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   Chapter 6 POLITICS AND GOVERNMENT

The Land of Tomorrow By William B. Stephenson Characters: 10233

Updated: 2017-12-01 00:02


UNTIL recent years one administration after another completely ignored the real worth of Alaska. It was organized as a "non-contiguous territory" in 1886. Not until seventeen years later was it supplied with a form of government of any kind, and even then the laws of Oregon were extended to it. In 1899, however, gold was discovered in the sand on the beach at Nome! The attention of Congress was promptly directed to this "non-contiguous territory" and the next year (1900) actual civil government was granted. In 1906 the first representative was sent to Congress. In 1912 a territorial assembly, with limited powers, was authorized.

To say that Alaska has suffered and been hindered in her development by this legislative apathy on the part of Congress would be putting it mildly. First of all, one of the greatest needs of any new country was wholly lacking. The absence of any kind of a criminal code was a bit appalling. It is a matter of record that once the settlers, in dire need, were forced to seek the protection of the English navy! There was also a lack of proper legal, medical and educational facilities, and as Alaska's importance increased she became a helpless victim of political conditions some of the results of which were serious. One of these results was an unnecessary Forest Service. Another was the belated opening of the coal fields. A third was a long period of very meagre transportation facilities.

The discussion of all these important matters by government officials was lengthy and profound. But, as usual, wherever and whenever new policies are projected there is always the pessimist who stubbornly blockades progress. Alaska was no exception. So advance in her affairs was negligible.

One hears much, especially in these restless days, of the red tape which results from the lack of co?rdination in our government. But, with the possible exception of the Secretary of the Interior, only one who has dwelt in Alaska can appreciate to what lengths it extends. In an article published not long ago in the Outlook, Mr. Franklin K. Lane, Secretary of the Interior, expressed himself forcibly upon this subject as it concerned Alaska, making use of the following illustration:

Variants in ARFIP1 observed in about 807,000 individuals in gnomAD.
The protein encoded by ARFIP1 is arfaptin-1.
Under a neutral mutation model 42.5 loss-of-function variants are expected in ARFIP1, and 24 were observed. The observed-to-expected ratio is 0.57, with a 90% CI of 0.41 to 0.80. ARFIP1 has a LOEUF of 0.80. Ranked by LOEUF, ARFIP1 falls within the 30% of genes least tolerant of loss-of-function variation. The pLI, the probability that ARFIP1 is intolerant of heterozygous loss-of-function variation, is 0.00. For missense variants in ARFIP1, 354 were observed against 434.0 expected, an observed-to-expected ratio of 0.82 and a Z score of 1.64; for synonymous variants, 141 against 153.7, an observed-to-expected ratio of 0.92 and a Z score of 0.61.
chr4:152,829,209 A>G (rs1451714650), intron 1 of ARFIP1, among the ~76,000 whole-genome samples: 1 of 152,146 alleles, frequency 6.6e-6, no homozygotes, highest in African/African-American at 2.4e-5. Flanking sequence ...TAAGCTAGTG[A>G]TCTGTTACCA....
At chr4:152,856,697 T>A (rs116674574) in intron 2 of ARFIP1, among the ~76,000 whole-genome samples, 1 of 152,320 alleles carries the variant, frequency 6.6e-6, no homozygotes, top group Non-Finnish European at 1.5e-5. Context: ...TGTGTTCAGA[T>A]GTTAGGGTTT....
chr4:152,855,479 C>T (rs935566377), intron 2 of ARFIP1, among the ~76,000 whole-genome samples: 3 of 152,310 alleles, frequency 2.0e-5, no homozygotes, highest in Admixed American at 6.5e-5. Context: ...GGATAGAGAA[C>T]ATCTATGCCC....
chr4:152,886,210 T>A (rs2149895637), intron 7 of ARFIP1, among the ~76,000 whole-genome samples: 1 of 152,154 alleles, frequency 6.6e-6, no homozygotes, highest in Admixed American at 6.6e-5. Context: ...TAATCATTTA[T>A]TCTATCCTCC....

"A citizen who wished to lease an Alaskan island for fox farming carried on a correspondence with three different departments of the Federal Government for several months in an effort to find out which had jurisdiction and authority to make the lease. It was finally decided that none of them did!"

Further investigation brought forth the following astonishing facts: The control of Alaskan lands is in one department, the control of forests in another. The control of roads is in a third, of fisheries in a fourth, of railroads in a fifth! The black bear is entrusted to one department and the brown bear to another! Cables and telegraphs comes under another department, reindeer and the native races under still another. Entry for homestead or mineral land, if it lie outside the national forest, is made through one department, if within the national forest through another. Timber in the national forest is sold at auction under the Department of Agriculture. Timber outside the national forest is sold (under wholly different rules and regulations) under the Department of the Interior. One may export the pulp made from timber in the public lands, but the timber itself may not be exported.

A child could readily understand how all this, or much of it, might be avoided by the creation of governmental offices in Alaska with sufficient officers to get over the large territory which must be covered. As a further illustration of what all this red tape means to those desiring to live in the north I cite a case (also referred to by Secretary Lane) which came to my personal knowledge. On October ninth, 1906, Mrs. Mary A. Dabney, of Seattle, filed a claim, recording the location on this day. The survey was made September twenty-fourth, 1908. It was approved by the Surveyor General January twenty-first, 1909. Application for patent was made March twenty-fourth, 1909. There was no protest against the validity of Mrs. Dabney's claim, and no conflicting claims. But the mineral entry was not patented until October seventeenth, 1913-seven years after the claim was filed! Had there been an officer on the ground, with power to act, with authority to investigate and prepare the case for the General Land Office all this long wait would have been avoided.

This lack of co?rdination affects almost every phase of Alaskan life and industry. Certain islands are set apart as bird reserves under protection (?) of the Biological Survey which sends a keeper in summer to guard one or two of the islands! At other times they are unprotected. Game animals are supposedly under the protection of wardens hired by and under the direction of the Governor of Alaska. These wardens enforce the rules of the Department of Agriculture and are paid out of the appropriation of the Department of the Interior! Fur-bearing animals are under the protection of wardens appointed by the Secretary of